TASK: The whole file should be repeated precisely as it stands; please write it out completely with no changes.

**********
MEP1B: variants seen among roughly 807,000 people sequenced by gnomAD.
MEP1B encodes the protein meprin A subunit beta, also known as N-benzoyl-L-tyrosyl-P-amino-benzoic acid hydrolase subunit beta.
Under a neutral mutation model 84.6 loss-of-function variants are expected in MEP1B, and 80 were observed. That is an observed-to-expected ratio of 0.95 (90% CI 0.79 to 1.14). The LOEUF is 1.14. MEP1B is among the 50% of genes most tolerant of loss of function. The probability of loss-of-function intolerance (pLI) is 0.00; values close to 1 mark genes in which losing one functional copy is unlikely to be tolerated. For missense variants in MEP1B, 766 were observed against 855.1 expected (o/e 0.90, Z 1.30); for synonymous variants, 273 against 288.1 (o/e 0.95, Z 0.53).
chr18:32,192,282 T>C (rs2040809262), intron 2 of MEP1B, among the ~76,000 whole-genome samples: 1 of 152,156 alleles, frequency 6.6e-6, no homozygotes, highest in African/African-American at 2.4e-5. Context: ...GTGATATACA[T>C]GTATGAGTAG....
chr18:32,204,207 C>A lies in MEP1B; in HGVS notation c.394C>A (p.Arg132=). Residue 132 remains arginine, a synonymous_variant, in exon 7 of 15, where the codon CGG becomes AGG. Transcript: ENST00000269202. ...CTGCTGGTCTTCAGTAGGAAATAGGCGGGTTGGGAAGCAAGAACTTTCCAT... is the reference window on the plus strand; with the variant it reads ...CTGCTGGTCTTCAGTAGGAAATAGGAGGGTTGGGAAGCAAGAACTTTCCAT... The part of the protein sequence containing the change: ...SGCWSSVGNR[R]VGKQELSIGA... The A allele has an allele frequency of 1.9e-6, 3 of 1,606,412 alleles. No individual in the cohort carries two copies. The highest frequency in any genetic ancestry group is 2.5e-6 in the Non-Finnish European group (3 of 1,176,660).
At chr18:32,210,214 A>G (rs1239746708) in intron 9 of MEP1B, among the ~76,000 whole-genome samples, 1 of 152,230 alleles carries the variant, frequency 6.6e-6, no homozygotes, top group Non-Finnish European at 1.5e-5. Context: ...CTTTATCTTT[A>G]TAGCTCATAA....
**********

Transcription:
MEP1B: variants seen among roughly 807,000 people sequenced by gnomAD.
MEP1B encodes the protein meprin A subunit beta, also known as N-benzoyl-L-tyrosyl-P-amino-benzoic acid hydrolase subunit beta.
Under a neutral mutation model 84.6 loss-of-function variants are expected in MEP1B, and 80 were observed. That is an observed-to-expected ratio of 0.95 (90% CI 0.79 to 1.14). The LOEUF is 1.14. MEP1B is among the 50% of genes most tolerant of loss of function. The probability of loss-of-function intolerance (pLI) is 0.00; values close to 1 mark genes in which losing one functional copy is unlikely to be tolerated. For missense variants in MEP1B, 766 were observed against 855.1 expected (o/e 0.90, Z 1.30); for synonymous variants, 273 against 288.1 (o/e 0.95, Z 0.53).
chr18:32,192,282 T>C (rs2040809262), intron 2 of MEP1B, among the ~76,000 whole-genome samples: 1 of 152,156 alleles, frequency 6.6e-6, no homozygotes, highest in African/African-American at 2.4e-5. Context: ...GTGATATACA[T>C]GTATGAGTAG....
chr18:32,204,207 C>A lies in MEP1B; in HGVS notation c.394C>A (p.Arg132=). Residue 132 remains arginine, a synonymous_variant, in exon 7 of 15, where the codon CGG becomes AGG. Transcript: ENST00000269202. ...CTGCTGGTCTTCAGTAGGAAATAGGCGGGTTGGGAAGCAAGAACTTTCCAT... is the reference window on the plus strand; with the variant it reads ...CTGCTGGTCTTCAGTAGGAAATAGGAGGGTTGGGAAGCAAGAACTTTCCAT... The part of the protein sequence containing the change: ...SGCWSSVGNR[R]VGKQELSIGA... The A allele has an allele frequency of 1.9e-6, 3 of 1,606,412 alleles. No individual in the cohort carries two copies. The highest frequency in any genetic ancestry group is 2.5e-6 in the Non-Finnish European group (3 of 1,176,660).
At chr18:32,210,214 A>G (rs1239746708) in intron 9 of MEP1B, among the ~76,000 whole-genome samples, 1 of 152,230 alleles carries the variant, frequency 6.6e-6, no homozygotes, top group Non-Finnish European at 1.5e-5. Context: ...CTTTATCTTT[A>G]TAGCTCATAA....